Ivabradine in combination with beta-blocker therapy was well tolerated in this study. Adverse events related to low heart rate are predictable with any heart rate-lowering therapy, and the low rate of withdrawal for this cause (1.1% in the ivabradine group) is notable, especially in the light of the low heart rate criterion (≥50 b.p.m.) for up-titration of the study drug. Visual symptoms, typically phosphenes, are thought to be related to the pharmacological action of ivabradine on ion channels in the retina that are similar to those responsible for the If current in the sino-atrial node. Visual symptoms with ivabradine are typically mild and transient, without impact on daily activity of the patient. The incidence of adverse events related to visual symptoms with ivabradine (2.0% compared with 0.9% in the placebo group) was markedly lower than in previous studies.11,12 In these previous studies, patients were specifically asked about visual symptoms at study visits. In the present study, patients were informed of the possibility of visual symptoms before study commencement, but were not specifically asked about them during visits.
Ivabradine directly and selectively inhibits the ionic channel in the sino-atrial node responsible for If, a current that is important in pacemaker activity and the physiological regulation of heart rate.10,24,25 At therapeutic concentrations, ivabradine has no action at other cardiac ion channels or receptors and does not act via altering intracellular cyclic adenosine monophosphate levels. Consequently, ivabradine does not depress myocardial contractility26,27 or intracardiac conduction28 and has only minor effects on blood pressure as seen in this and previous studies.12 Thus, the unique haemodynamic profile of ivabradine can provide anti-ischaemic efficacy in addition to heart rate lowering with beta-blocker therapy, and this combination therefore represents a potential therapeutic strategy to treat patients with stable angina.
In conclusion, ivabradine treatment resulted in significant dose-dependent improvements in all ETT criteria relative to placebo in patients with stable angina pectoris receiving background therapy with atenolol. The starting dose of ivabradine was 5 mg b.i.d., which was increased at 2 months to 7.5 mg b.i.d. for a further 2 months. Improvements in all ETT criteria were significant at 2 months as well as at 4 months, indicating the efficacy of both ivabradine doses. The combination of ivabradine and atenolol was well tolerated, and the incidence of adverse events related to visual symptoms was markedly lower than reported in previous ivabradine studies. Thus, the combination of ivabradine 7.5 mg b.i.d. and atenolol at the commonly used dosage in clinical practice in patients with chronic stable angina pectoris produced additional efficacy with no untoward effect on safety or tolerability.
The study was supported by Servier, France. Funding to pay the Open Access publication charges for this article was provided by Les Laboratoires SERVIER, France.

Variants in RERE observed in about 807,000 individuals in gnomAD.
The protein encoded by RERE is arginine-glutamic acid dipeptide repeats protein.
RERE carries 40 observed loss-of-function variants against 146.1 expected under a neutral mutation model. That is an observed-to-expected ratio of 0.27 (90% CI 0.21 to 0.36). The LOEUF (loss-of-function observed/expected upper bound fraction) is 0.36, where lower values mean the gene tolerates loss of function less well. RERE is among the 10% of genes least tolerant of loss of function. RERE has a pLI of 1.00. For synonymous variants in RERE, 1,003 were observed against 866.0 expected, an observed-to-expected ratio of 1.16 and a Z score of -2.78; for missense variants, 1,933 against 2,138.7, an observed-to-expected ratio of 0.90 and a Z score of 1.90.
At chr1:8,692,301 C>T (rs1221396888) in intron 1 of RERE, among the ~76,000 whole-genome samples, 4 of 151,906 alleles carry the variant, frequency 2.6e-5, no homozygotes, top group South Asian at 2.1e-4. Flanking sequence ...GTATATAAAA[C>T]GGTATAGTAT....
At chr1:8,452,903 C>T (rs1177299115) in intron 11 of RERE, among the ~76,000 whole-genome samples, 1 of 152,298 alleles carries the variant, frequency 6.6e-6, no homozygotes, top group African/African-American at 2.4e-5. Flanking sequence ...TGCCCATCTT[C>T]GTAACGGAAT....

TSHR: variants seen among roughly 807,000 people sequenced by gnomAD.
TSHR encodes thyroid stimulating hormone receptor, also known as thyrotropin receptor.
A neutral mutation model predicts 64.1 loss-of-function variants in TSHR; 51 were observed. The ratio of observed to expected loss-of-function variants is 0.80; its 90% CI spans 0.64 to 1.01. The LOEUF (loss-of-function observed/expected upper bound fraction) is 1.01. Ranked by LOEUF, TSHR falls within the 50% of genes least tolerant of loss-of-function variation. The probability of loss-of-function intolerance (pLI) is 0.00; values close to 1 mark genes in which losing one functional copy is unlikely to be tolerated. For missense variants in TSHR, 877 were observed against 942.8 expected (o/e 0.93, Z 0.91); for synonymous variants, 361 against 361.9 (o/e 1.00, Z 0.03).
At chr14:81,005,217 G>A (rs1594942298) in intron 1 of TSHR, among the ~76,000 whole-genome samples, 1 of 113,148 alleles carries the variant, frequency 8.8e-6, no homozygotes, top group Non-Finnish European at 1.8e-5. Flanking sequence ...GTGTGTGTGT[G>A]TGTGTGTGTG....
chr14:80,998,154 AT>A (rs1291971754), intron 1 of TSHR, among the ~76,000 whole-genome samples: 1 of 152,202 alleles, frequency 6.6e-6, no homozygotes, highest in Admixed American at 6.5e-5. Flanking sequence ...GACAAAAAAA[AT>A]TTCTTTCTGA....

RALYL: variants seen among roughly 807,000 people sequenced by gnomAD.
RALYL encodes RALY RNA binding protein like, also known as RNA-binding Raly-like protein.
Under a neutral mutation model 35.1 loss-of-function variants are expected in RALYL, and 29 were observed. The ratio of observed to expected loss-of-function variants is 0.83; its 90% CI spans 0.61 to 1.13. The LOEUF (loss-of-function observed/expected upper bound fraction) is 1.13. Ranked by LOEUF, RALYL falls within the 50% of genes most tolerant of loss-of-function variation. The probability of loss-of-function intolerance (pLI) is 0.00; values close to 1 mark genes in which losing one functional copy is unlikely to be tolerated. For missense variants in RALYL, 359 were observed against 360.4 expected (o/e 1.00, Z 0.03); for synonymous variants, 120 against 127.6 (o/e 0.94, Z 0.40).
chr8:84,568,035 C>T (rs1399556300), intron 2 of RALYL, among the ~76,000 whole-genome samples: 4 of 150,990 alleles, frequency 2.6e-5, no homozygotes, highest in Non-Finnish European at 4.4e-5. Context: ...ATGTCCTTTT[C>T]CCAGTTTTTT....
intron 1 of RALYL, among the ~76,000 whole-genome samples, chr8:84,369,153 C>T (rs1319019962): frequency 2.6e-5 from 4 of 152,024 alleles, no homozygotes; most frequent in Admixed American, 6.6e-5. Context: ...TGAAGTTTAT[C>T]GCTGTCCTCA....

Conflict of interest: J.-C.T., P.P., and T.K. have received honoraria from Servier.
Study coordinators: J.-C. Tardif, Canada (principal coordinator); J.E. Tronje, R.A. Ahuad Guerrero, Argentina; M. Machado Cesar, Brazil; N.N. Gotcheva, Bulgaria; M. Vejar, Chile; V. Chaloupka, Czech Republic; W. Delius, Germany; I. Edes, Hungary; F. Crea, Italy; P.-K. Ronnevik, Norway; M. Banasiak, A. Swed, Poland; C. Macarie, Romania; Y. Karpov, Russia; D. Pella, Slovakia; P.J. Commerford, South Africa; T. Kahan, Sweden; J.J. Alonso Martin, Spain; A. Parshomenko, Ukraine; A. Timmis, UK.
Investigators: Argentina: R.A. Ahuad Guerrero, F.J. Sokn, O.A. Allall, L.R. Cartasegna, L.L. del V. Lobo Marquez, A. Hirschson Prado, A.D. Hrabar, J.O. Ibañez, J.J. Fuselli, H.L. Luciardi, S.M. Macin, M. Rusculleda, A.C. Piombo, M.S. Sanjurjo, F.L. Gadaleta, J.C. Pomposiello, R.M. Colgue, M. Hominal, E. Kuschnir, H.A. Luquez, R. Ronderos, A.C. Amico; Brazil: L.A. Machado Cesar, M. Maranhao, O.R. Coelho, E. Manenti, A.H. Herdy, J.F. Kerr Saraiva, D.B. Precoma, J.P. Ribeiro, I. Castro, J.R.C. de B Silveira; Bulgaria: V. Baycheva, S. Denchev, D. Raev, A. Tschirkov, A. Dzhurdzhev, A. Penev, M. Tzekova; Canada: P. Ma, G. Bailey, R. Saint-Hilaire, D. Desai, M.F.J. O’Mahony; Chile: M. Vejar, F. Lanas, R. Lamich, J. Abadal, L. Lucio; Czech Republic: M. Rubacek, O. Jerabek, E. Zidkova, K. Gorican, J. Danczik; Germany: A. Al Zoebi, A. Förster, W. Rein; Hungary: A. Nagy, A. Katona, J. Takacs, F. Magel, J. Lippai, B. Nyuzo, A. Kovacs, G. Polak, J. Nagy, T. Sydo, A. Papp, K. Toth, M. Sereg, S. Timar, J. Tenczer, F. Lakatos; Italy: A. Gaspardone, C. Vitale; Norway: P. Ronnevik, H. Istad, P.A. Sirnes; Poland: W. Banasiak, A. Budaj, M. Dluzniewski, H. Szwed, K. Kawecka-Jaszcz, W. Piwowarska, P. Achremczyk, J. Kwiecien, M. Szpajer, J. Kopaczewski, K. Szymczak, A. Kowalisko, W. Pluta, R. Trojnar, A. Drzewiecki; Romania: C. Macarie, M.M. Vintila, A.G. Dan, R. Capalneanu, D.D. Ionescu, I. Manitiu, M. Popescu, G. Aaron; Russian Federation: Y.A. Karpov, D. Aronov, S.A. Boytsov, N.A. Gratsiansky, A.Y. Konyakhin, A.K. Starodubtsev, S.N. Tereschenko, O.P. Shevchenko, Y.N. Grishkin, A.S. Svistov, N. Khasanov, V. Naumov, E.A. Zharova, S. Martsevitch, E. Kokourina, M.G. Glezer, A.Y. Ivleva, Y. Lukjanov, S. Tchurina, L. Ermoshkina, T. Treshkur, G. Usova, E. Volkova, I. Shaposhnik, A. Timofeev, G.A. Chumakova, A. Masin, O.L. Barbarash, P. Yakhontova, A. Kolomiets; Slovakia: D. Pella, A. Dzupina, S. Filipova, P. Loviska, J. Mazur; South Africa: J. Bayat, M.M de V. Basson, M. Mpe, D.P. Naidoo; Spain: J.J. Alonso Martin, V. Manuel, I. Plaza; Thailand: R. Krittayaphong; Ukraine: A. Parkhomenko, A. Bazilevich, B. Goloborodko, I. Krayz, V. Lyzogub, V. Tseluyko, M. Vlasenko, V. Volkov: UK: A. Pell.